Lack of healthcare services

The average national deficit of trained psychiatrists in India is estimated to be 77% (0.2 psychiatrists per 1,00,000 population) – this shows the scale of the problem across rural and urban India. The absence of mental healthcare infrastructure compounds the public health problem as many individuals living with mental disorders remain untreated.

Economic burden

The scarcity of healthcare services also means that poor families have to travel great distances to get good mental healthcare. They are often unable to afford the cost of transportation to medical centres that provide treatment.

After focussed efforts towards awareness building on mental health in India, The Live Love Laugh Foundation (TLLLF), founded by Deepika Padukone, is steering its cause towards understanding mental health of rural India. TLLLF has joined forces with The Association of People with Disability (APD), a non-governmental organisation working in the field of disability for the last 57 years to work towards ensuring quality treatment for the rural population living with mental disorders.

APD’s intervention strategy starts with surveys to identify individuals suffering from mental illnesses. The identified individuals and families are then directed to the local Primary Healthcare Centres. In the background, APD capacity building programs work simultaneously to create awareness about mental illnesses amongst community workers (ASHA workers, Village Rehabilitation Workers and General Physicians) in the area. The whole complex process involves creating the social acceptance of mental health conditions and motivating them to approach healthcare specialists.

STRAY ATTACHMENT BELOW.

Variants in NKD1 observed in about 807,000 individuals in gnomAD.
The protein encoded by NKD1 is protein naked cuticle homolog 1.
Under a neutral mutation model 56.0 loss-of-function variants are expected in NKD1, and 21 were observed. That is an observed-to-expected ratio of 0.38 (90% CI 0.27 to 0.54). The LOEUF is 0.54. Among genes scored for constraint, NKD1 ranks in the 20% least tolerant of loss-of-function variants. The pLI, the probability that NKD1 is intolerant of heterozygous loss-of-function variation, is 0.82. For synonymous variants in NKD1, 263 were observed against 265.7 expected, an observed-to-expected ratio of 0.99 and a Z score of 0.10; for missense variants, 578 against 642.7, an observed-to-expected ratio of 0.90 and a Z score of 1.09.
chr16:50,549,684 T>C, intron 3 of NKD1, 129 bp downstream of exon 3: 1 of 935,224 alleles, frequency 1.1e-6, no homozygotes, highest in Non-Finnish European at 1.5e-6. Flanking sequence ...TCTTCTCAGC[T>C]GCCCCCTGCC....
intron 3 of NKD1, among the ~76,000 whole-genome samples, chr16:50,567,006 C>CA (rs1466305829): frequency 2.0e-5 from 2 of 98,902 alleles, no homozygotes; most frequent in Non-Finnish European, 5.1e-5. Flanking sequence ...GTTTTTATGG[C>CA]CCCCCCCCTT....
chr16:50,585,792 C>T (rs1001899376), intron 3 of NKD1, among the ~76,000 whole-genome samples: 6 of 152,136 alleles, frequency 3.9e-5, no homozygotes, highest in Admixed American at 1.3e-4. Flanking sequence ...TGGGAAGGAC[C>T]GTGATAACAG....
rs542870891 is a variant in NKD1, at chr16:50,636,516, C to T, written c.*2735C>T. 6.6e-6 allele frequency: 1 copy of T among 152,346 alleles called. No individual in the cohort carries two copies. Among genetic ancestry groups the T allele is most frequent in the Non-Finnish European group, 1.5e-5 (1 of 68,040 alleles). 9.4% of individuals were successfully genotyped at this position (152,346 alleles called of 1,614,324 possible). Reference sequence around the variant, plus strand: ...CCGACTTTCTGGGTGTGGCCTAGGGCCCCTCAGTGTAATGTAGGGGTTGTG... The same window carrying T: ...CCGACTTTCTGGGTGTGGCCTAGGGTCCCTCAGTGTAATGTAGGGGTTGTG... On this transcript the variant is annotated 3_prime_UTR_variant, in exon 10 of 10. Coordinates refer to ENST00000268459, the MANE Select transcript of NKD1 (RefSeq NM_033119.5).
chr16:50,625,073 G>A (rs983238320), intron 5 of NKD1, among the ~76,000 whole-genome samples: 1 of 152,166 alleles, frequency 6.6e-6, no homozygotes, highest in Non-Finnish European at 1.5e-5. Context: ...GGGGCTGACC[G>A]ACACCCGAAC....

Participants of the program.
Participants of the program.

When mental health patients are finally free of social barriers and seeking help, APD also mobilises its network to make treatments accessible and affordable. The organisation coordinates psychiatrists’ visits to camps and local healthcare centres and ensures that the necessary medicines are well stocked and free medicines are available to the patients.

We spent a lot of money for treatment and travel. We visited Shivamogha Manasa and Dharwad Hospital for getting treatment. We were not able to continue the treatment for long as we are poor. We suffered economic burden because of the long- distance travel required for the treatment. Now we are getting quality psychiatric service near our village. We are getting free medication in taluk and Primary Healthcare Centres resulting in less economic stress.

— A parent's experience at an APD treatment camp.

In the two years TLLLF has partnered with APD, 892 and individuals with mental health concerns have been treated in the districts of Kolar, Davangere, Chikkaballapur and Bijapur in Karnataka. Over 4620 students participated in awareness building sessions. TLLLF and APD have also secured the participation of 810 community health workers including ASHA workers in the mental health awareness projects - a crucial victory as these workers play an important role in spreading awareness about health. Post treatment, 155 patients have resumed their previous occupations.

To mark World Mental Health Day, 2017, a team from TLLLF lead by Deepika Padukone visited program participants in the Davengere district.

Sessions on World Mental Health Day, 2017.
Sessions on World Mental Health Day, 2017.

In the face of a mental health crisis, it is essential to overcome the treatment gap present across the country, rural and urban. While awareness campaigns attempt to destigmatise mental disorders, policymakers need to make treatment accessible and cost effective. Until then, organisations like TLLLF and APD are doing what they can to create an environment that acknowledges and supports people who live with mental disorders. To know more, see here.

This article was produced by the Scroll marketing team on behalf of The Live Love Laugh Foundation and not by the Scroll editorial team.